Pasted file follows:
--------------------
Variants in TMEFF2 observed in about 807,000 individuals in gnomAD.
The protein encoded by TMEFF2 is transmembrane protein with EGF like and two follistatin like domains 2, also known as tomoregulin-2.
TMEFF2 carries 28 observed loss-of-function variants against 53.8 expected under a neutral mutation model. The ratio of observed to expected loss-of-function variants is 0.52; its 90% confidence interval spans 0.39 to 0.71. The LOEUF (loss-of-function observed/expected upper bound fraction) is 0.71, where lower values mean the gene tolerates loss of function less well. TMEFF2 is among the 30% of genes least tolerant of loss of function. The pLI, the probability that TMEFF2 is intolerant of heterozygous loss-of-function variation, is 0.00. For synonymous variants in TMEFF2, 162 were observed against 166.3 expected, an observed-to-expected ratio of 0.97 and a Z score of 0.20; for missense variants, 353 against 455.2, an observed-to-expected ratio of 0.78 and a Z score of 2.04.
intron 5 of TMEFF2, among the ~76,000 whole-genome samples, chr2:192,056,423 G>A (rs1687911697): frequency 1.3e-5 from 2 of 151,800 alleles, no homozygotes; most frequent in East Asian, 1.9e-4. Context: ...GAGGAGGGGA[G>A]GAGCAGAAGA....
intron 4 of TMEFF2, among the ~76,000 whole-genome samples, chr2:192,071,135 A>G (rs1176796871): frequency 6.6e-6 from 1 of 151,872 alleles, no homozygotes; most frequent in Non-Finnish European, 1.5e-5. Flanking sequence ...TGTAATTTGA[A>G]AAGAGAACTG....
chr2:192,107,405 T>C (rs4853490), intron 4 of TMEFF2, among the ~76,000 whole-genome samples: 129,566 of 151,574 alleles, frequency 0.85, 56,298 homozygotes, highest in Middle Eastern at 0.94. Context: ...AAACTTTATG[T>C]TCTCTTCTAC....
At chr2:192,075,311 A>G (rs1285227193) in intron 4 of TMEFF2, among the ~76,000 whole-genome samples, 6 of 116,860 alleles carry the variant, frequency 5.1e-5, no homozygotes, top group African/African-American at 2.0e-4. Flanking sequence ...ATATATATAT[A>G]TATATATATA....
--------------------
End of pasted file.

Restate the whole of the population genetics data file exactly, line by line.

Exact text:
Variants in TMEFF2 observed in about 807,000 individuals in gnomAD.
The protein encoded by TMEFF2 is transmembrane protein with EGF like and two follistatin like domains 2, also known as tomoregulin-2.
TMEFF2 carries 28 observed loss-of-function variants against 53.8 expected under a neutral mutation model. The ratio of observed to expected loss-of-function variants is 0.52; its 90% confidence interval spans 0.39 to 0.71. The LOEUF (loss-of-function observed/expected upper bound fraction) is 0.71, where lower values mean the gene tolerates loss of function less well. TMEFF2 is among the 30% of genes least tolerant of loss of function. The pLI, the probability that TMEFF2 is intolerant of heterozygous loss-of-function variation, is 0.00. For synonymous variants in TMEFF2, 162 were observed against 166.3 expected, an observed-to-expected ratio of 0.97 and a Z score of 0.20; for missense variants, 353 against 455.2, an observed-to-expected ratio of 0.78 and a Z score of 2.04.
intron 5 of TMEFF2, among the ~76,000 whole-genome samples, chr2:192,056,423 G>A (rs1687911697): frequency 1.3e-5 from 2 of 151,800 alleles, no homozygotes; most frequent in East Asian, 1.9e-4. Context: ...GAGGAGGGGA[G>A]GAGCAGAAGA....
intron 4 of TMEFF2, among the ~76,000 whole-genome samples, chr2:192,071,135 A>G (rs1176796871): frequency 6.6e-6 from 1 of 151,872 alleles, no homozygotes; most frequent in Non-Finnish European, 1.5e-5. Flanking sequence ...TGTAATTTGA[A>G]AAGAGAACTG....
chr2:192,107,405 T>C (rs4853490), intron 4 of TMEFF2, among the ~76,000 whole-genome samples: 129,566 of 151,574 alleles, frequency 0.85, 56,298 homozygotes, highest in Middle Eastern at 0.94. Context: ...AAACTTTATG[T>C]TCTCTTCTAC....
At chr2:192,075,311 A>G (rs1285227193) in intron 4 of TMEFF2, among the ~76,000 whole-genome samples, 6 of 116,860 alleles carry the variant, frequency 5.1e-5, no homozygotes, top group African/African-American at 2.0e-4. Flanking sequence ...ATATATATAT[A>G]TATATATATA....